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Lawmakers press Biden for quality of life focus in next defense budget

Congressional lawmakers are pressing the White House to prioritize military quality of life issues in the president’s upcoming fiscal 2025 budget request, calling out an “alarming erosion” of troops’ benefits and housing in recent years.

In a letter sent Tuesday to President Joe Biden, key leaders from the House Armed Services Committee called for the budget plan to include plans to improve military housing, junior enlisted pay, military health care options, base childcare availability and military spouse employment assistance programs.

The lawmakers said they hope to address those issues as part of the upcoming annual defense authorization bill, but said a strong show of support from the White House regarding the issues is needed to produce fixes.

“The committee’s quality of life inquiry thus far has revealed an alarming erosion of military quality of life that, if not addressed quickly, will soon place the all-volunteer force at risk,” the lawmakers wrote. “Reversing this decline will require a national commitment of resources to address quality of life concerns for service members and their families.”

Lawmakers press for junior enlisted pay boost as soon as possible

The push was signed by committee chairman Rep. Mike Rogers, R-Ala., ranking member Adam Smith, D-Wash., quality of life panel chairman Rep. Don Bacon, R-Neb., and panel ranking member Chrissy Houlahan, D-Pa. The group has been outspoken in recent months about the need for a congressional focus on military quality of life issues.

Biden is expected to release his fiscal 2025 budget request on March 11. But Congress still has not finalized plans for the current fiscal year budget, even though fiscal 2024 began on Oct. 1.

The latest short-term funding extension for federal agencies is set to run out for a handful of departments on March 1 and for all government operations on March 8. If lawmakers can’t reach a new deal by then, the impasse would trigger a shutdown of most federal operations and services.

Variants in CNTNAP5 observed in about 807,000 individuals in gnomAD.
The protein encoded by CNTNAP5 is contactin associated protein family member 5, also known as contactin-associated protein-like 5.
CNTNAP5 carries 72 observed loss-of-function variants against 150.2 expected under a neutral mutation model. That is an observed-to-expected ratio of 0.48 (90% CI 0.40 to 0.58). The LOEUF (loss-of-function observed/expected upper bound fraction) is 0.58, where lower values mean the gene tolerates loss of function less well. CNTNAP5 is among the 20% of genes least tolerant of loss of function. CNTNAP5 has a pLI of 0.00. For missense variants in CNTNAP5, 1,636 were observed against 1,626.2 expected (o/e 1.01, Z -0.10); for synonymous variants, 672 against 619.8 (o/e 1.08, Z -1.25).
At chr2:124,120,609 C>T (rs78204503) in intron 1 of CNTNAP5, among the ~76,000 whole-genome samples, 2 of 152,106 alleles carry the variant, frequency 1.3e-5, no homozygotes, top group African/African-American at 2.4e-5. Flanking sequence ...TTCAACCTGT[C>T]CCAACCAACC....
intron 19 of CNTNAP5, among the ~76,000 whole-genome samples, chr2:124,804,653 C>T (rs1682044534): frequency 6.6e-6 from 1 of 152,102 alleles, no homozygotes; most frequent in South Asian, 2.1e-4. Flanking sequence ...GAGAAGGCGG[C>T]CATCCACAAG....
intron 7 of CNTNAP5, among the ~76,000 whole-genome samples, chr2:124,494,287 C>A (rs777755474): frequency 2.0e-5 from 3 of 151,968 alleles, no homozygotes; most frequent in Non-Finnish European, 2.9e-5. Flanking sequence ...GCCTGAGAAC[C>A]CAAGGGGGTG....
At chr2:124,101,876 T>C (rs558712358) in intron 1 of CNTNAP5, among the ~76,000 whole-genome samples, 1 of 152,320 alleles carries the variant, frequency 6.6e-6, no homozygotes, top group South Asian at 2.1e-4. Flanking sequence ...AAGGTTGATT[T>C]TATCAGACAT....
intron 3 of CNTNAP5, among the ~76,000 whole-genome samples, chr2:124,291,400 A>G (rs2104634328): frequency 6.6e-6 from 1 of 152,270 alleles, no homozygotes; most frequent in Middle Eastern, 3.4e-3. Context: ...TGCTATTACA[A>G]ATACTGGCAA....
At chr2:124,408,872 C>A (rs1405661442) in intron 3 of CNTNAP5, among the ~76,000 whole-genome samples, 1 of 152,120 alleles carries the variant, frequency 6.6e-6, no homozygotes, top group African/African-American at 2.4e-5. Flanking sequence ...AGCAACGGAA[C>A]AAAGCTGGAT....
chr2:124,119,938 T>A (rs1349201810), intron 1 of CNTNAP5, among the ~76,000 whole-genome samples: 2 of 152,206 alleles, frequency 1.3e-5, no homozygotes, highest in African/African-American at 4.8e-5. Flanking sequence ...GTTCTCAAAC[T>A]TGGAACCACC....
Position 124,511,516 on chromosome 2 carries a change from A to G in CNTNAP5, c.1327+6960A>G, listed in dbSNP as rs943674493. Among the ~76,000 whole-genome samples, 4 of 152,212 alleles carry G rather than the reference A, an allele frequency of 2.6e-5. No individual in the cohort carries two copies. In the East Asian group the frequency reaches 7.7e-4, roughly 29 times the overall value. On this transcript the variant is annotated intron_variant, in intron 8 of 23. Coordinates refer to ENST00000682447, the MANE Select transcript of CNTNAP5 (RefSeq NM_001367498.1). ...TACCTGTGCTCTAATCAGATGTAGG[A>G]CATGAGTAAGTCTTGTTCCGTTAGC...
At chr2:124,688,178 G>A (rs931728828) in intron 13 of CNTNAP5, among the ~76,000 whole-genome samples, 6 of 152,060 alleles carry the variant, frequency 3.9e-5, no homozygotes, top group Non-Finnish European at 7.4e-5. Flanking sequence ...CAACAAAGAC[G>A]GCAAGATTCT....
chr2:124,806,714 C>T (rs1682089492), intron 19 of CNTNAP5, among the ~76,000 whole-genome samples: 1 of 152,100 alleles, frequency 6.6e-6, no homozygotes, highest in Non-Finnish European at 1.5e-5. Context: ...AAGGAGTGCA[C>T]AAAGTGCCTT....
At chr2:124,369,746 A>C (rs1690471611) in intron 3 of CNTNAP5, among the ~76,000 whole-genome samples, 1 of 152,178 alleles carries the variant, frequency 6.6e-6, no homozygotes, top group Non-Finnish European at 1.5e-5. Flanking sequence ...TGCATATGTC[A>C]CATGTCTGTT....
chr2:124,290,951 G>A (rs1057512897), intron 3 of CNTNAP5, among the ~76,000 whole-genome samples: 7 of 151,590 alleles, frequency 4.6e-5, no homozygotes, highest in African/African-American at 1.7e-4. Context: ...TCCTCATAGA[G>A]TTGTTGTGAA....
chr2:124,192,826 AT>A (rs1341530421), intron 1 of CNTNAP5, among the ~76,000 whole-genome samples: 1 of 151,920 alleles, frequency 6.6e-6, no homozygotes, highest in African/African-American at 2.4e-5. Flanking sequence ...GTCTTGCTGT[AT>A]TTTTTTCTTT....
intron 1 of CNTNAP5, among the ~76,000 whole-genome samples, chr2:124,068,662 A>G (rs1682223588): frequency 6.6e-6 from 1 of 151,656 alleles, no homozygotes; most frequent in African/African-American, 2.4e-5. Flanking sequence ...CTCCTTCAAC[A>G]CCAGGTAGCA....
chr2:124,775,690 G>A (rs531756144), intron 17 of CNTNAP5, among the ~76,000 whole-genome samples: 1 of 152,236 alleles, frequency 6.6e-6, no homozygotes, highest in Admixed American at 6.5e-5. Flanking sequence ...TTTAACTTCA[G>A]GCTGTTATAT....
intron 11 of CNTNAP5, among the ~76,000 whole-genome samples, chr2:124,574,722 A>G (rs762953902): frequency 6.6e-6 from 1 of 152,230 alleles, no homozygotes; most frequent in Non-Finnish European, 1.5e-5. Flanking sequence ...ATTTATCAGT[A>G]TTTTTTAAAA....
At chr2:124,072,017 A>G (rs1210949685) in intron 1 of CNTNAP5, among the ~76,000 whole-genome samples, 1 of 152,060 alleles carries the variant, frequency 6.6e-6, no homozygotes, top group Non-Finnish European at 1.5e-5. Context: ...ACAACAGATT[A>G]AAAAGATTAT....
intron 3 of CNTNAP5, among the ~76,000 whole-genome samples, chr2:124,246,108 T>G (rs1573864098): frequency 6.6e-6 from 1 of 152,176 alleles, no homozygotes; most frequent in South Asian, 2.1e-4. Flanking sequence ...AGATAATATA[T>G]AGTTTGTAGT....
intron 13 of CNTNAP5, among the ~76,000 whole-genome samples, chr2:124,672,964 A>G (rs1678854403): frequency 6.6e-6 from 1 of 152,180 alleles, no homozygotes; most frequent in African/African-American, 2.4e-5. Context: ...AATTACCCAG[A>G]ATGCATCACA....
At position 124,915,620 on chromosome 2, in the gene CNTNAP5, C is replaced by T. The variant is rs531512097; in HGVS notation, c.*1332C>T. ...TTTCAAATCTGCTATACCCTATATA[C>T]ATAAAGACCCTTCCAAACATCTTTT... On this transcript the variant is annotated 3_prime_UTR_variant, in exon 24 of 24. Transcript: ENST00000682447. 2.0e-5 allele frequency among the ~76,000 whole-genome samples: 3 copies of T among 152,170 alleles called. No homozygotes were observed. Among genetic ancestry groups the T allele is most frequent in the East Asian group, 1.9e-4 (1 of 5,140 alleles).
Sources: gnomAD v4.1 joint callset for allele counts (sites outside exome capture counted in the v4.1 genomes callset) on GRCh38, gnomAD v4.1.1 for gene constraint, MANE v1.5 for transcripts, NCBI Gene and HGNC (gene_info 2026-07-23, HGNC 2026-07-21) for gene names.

Biden is scheduled to deliver his annual State of the Union address before both chambers of Congress on March 7. White House officials have not yet indicated how much — if any — of the speech will focus on military family and service member benefit issues.

Earlier this month, Bacon told Military Times that he is focused on addressing several key military quality of life issues through legislation this year, but noted that those fixes may come in the form of multi-year plans.

Among them — and among the requests outlined in Tuesday’s letter — are junior enlisted pay increases and dealing with “aging and poorly maintained barracks, dormitories, and single-family housing forcing service members and their families to contend with mold, pests, and other unacceptable habitability problems.”

“This is a large, costly undertaking, but it is our moral and national security imperative to support those who serve,” they wrote.

Most junior enlisted service members currently make around $24,000 a year in basic pay, while enlisted troops nearing retirement typically earn about $70,000 annually. In contrast, the most junior enlisted officers make at least $46,000 annually, and most make more than $80,000 a year with just six years of time in service.

The lawmakers noted that even with other bonuses and allowances, that level of salary can result in “food insecurity and economic insecurity with escalating negative impacts on recruiting and retention.”

All service members are scheduled to receive a 4.5% raise next January under the federal formula used to determine military month pay, which would be the third consecutive year of pay raises above 4% for troops.

But lawmakers have argued that those boosts do little to close the significant gap between officer and enlisted pay, and do not fully account for inflation costs in recent years.

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